Osteoporosis - what can you do?

What is osteoporosis?

This bone disease occurs when the body loses bone mass and/or makes too little bone. As a result the bones become weak and brittle, making them prone to fracture from a fall or, in more serious cases, knocking into things or even sneezing. It occurs typically because of hormonal changes (during the menopause), from deficiency of calcium or vitamin D and through ageing when people are less physically active.

What can you do if you have osteoporosis?

There are many factors which can lead to the development of osteoporosis. Some are genetic (hereditary) and unavoidable while others are linked to lifestyle. By changing your lifestyle, you can reverse the effects of osteoporosis. Diet and exercise are key to helping bones maintain their density and strength and prevent further deterioration. Medication alone (usually bisphosphonates) can at best only be part of the solution and unfortunately comes with the risk of nasty side effects: exercise is important to ensure the movement of your muscles and bones trigger the bone-forming process.

How can Low Intensity Vibration (LIV) treatment help?

Low Intensity Vibration (LIV) treatment can help counteract the bone thinning that causes osteoporosis symptoms by building bone density which, in turn, gives better bone stability. The denser your bone, the stronger and more stable it is.

Bone can reform under the right conditions as bone tissue will actively adapt in response to stress and force applied to it. When bones are subjected to loads – usually through movement or impact when walking, running or lifting weight - the bone reacts to the force and builds itself up. This is even in the case among people affected by osteoporosis.

See for yourself

Low Intensity Vibration treatment mimics the effect of load bearing and forces being applied to your bones. These images show the difference LIV treatment can make.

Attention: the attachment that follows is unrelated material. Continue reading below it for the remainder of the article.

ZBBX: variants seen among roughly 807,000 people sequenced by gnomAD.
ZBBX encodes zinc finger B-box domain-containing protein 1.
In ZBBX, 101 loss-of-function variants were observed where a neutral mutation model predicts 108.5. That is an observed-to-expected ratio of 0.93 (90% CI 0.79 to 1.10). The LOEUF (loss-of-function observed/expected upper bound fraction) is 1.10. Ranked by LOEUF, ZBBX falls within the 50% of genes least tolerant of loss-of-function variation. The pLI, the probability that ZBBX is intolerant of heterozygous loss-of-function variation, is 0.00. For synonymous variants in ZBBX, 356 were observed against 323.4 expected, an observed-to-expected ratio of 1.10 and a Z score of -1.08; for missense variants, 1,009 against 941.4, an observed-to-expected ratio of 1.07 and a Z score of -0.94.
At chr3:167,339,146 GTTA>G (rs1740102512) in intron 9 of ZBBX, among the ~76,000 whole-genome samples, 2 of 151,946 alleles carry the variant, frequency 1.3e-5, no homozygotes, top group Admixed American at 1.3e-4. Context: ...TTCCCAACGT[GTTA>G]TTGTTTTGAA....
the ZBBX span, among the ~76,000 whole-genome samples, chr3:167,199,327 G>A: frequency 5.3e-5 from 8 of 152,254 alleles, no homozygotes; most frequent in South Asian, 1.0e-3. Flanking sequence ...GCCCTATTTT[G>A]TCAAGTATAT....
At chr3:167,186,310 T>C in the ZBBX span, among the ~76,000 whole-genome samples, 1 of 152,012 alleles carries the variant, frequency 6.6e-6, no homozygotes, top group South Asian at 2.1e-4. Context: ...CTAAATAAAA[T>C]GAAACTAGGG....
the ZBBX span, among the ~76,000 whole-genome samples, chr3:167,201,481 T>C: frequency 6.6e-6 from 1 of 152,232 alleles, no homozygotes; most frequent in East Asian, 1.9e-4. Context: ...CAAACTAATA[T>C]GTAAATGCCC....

zunahme knochendichte osteoporose

Osteoporosis: bone mineral density and bone mass

knochendichte und knochenmasse

Between the ages of 30 and 40, the human skeleton has its maximum bone mass and maximum bone mineral density. Afterwards, it begins to decline mainly due to hormonal changes, loss of calcium and other minerals and a decreasing level of physical activity as we age. Excessive decline in bone density can be dangerous ... » more

Treatment: higher bone mineral density – more stability

Osteoporose und Knochendichte

It is possible to change the structure of bone by taking more exercise and by using Low Intensity Vibration treatment.  In a comparative study, Professor Clinton Rubin shows here how bones can develop ... » more

Training: muscles and age

muskelfaser aktivitaet

The presence and activity of type IIA muscle fibres plays an important role in a person’s strength and ability to remain active. It also affects bone quality. Age-related deterioration of these muscle fibres is particularly noticeable from the age of 50 ... » more

Osteoporosis experts

mediziner osteoporose

Many eminent medical professionals recognise the effectiveness of the Marodyne Low Intensity Vibration system: see their insight into how this treatment works, even with people who already have osteoporosis and the elderly ... » more

Find out more

LIV Beratung

If you have any questions regarding the Marodyne LIV product or the treatment process or if you would like to receive an individual quote, we are happy to help you here ... » more

» Bone density

LIV Treatment System

Vibrationstraining Osteoporose

Marodyne LIV - Low Intensity Vibration – is a proven, safe and gentle physical therapy treatment of osteoporosis that builds up bone and muscles » more

Increasing bone mineral density

Osteoporose-Therapie Werte verbessern

What does the build-up of bones look like as the result of the treatment? An example: increase in a bone’s internal (trabecular) structure » more


Osteoporose-Therapie und Trabekel

The fine internal bone structure is especially at risk: the loss of substance reduces density and strength and increases the risk of fractures » more